(CNSNews.com) -- Archbishop Carlo Maria Viganò said Pope Francis “put in place a subtle slander” against him by comparing him to “the great accuser, Satan” in a homily, according to an open letter released by LifeSiteNews which is dated Sept. 29 but was released Sept. 27.
Vigano made his remarks in this letter following an Aug. 22 “Testimony,” in which the archbishop, the former papal nuncio to the United States, detailed the corruption and predatory homosexuals in the episcopacy and how Pope Francis covered-up the homosexual abuses perpetrated by Cardinal Theodore McCarrick. In the Testimony, Vigano called on Pope Francis to resign.
Vigano was made an archbishop by Pope St. John Paul II in 1992. He has worked at the highest levels of the Vatican and for the Vatican Secretary of State since 1978. He served as the apostolic nuncio (ambassador) to the United States from 2011 to 2016, under both Pope Benedict XVI and Pope Francis.
“Now, the Pope’s reply to my testimony was: ‘I will not say a word!’” Viganó wrote in the Sept. 29 letter. “But then, contradicting himself, he has compared his silence to that of Jesus in Nazareth and before Pilate, and compared me to the great accuser, Satan, who sows scandal and division in the Church – though without ever uttering my name.”
Vigano continued, “If he had said: ‘Viganó lied,’ he would have challenged my credibility while trying to affirm his own. In so doing he would have intensified the demand of the people of God and the world for the documentation needed to determine who has told the truth. Instead, he put in place a subtle slander against me – slander being an offense he has often compared to the gravity of murder.”
In his new letter, Viganó repeated his allegation against Pope Francis and condemned the Pope’s failure to offer any substantial confirmation or denial of the allegation.
“Neither the pope, nor any of the cardinals in Rome have denied the facts I asserted in my testimony,” Viganó stated. “‘Qui tacet consentit’ surely applies here, for if they deny my testimony, they have only to say so, and provide documentation to support that denial. How can one avoid concluding that the reason they do not provide the documentation is that they know it confirms my testimony?”
‘Qui tacet consentit’ is a Latin phrase that means ‘Who keeps silent, consents.’
Viganó criticized the Pope for “perhaps” being “tempted to try to act as a substitute” for God.
“Has Christ perhaps become invisible to his vicar?” Viganó asked. “Perhaps is he being tempted to try to act as a substitute of our only Master and Lord?”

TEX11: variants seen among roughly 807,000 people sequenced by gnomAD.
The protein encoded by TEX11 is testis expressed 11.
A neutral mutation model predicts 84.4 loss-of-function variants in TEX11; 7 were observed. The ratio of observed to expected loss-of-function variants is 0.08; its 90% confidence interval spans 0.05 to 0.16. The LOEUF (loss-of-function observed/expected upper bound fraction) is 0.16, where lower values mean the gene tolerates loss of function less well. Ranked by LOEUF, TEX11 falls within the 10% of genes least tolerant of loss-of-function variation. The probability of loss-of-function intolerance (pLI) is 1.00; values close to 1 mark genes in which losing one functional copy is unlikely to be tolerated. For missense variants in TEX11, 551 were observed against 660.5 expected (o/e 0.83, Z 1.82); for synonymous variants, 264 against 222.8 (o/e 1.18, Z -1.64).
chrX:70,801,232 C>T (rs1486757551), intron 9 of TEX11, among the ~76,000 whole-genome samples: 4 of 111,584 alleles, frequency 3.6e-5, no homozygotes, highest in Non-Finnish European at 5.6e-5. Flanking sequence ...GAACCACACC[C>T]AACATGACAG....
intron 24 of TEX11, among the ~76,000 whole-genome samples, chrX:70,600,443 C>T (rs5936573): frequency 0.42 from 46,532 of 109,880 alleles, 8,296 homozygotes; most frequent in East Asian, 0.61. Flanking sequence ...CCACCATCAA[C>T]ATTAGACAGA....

Viganó also appealed to Cardinal Marc Ouellet, who allegedly told him about Pope Benedict’s sanctions on McCarrick in 2013, asking Ouellet to “bear witness to the truth.”
“Your Eminence, before I left for Washington, you were the one who told me of Pope Benedict’s sanctions on McCarrick. You have at your complete disposal key documents incriminating McCarrick and many in the curia for their cover-ups. Your Eminence, I urge you to bear witness to the truth,” Viganó wrote.
In his letter, Viganó admitted that his decision to publish the original Testimony with the allegations against the Pope was “the most painful and serious decision” he had ever made.
“My decision to reveal those grave facts was for me the most painful and serious decision that I have ever made in my life. I made it after long reflection and prayer,” Viganó wrote.
“Well aware of the enormous consequences that my testimony could have, because what I was about to reveal involved the successor of Peter himself, I nonetheless chose to speak in order to protect the Church, and I declare with a clear conscience before God that my testimony is true,” he added.
The Archbishop also provided a justification for his decision to break the “pontifical secret” that he had “promised to observe.”
“The purpose of any secret, including the pontifical secret, is to protect the Church from her enemies, not to cover up and become complicit in crimes committed by some of her members,” Vigano wrote. “I was a witness, not by my choice, of shocking facts and, as the Catechism of the Catholic Church states (par. 2491), the seal of secrecy is not binding when very grave harms can be avoided only by divulging the truth.”
Viganó ended the letter with an appeal to Catholics to “never be despondent” and to maintain “complete confidence in Christ Jesus.”
“Finally, I wish to encourage you, dear faithful, my brothers and sisters in Christ: never be despondent! Make your own the act of faith and complete confidence in Christ Jesus, our Savior, of Saint Paul in his second Letter to Timothy, Scio cui credidi, which I choose as my episcopal motto,” Viganó wrote.
‘Scio cui credidi’ is Latin for ‘I know whom I have believed.’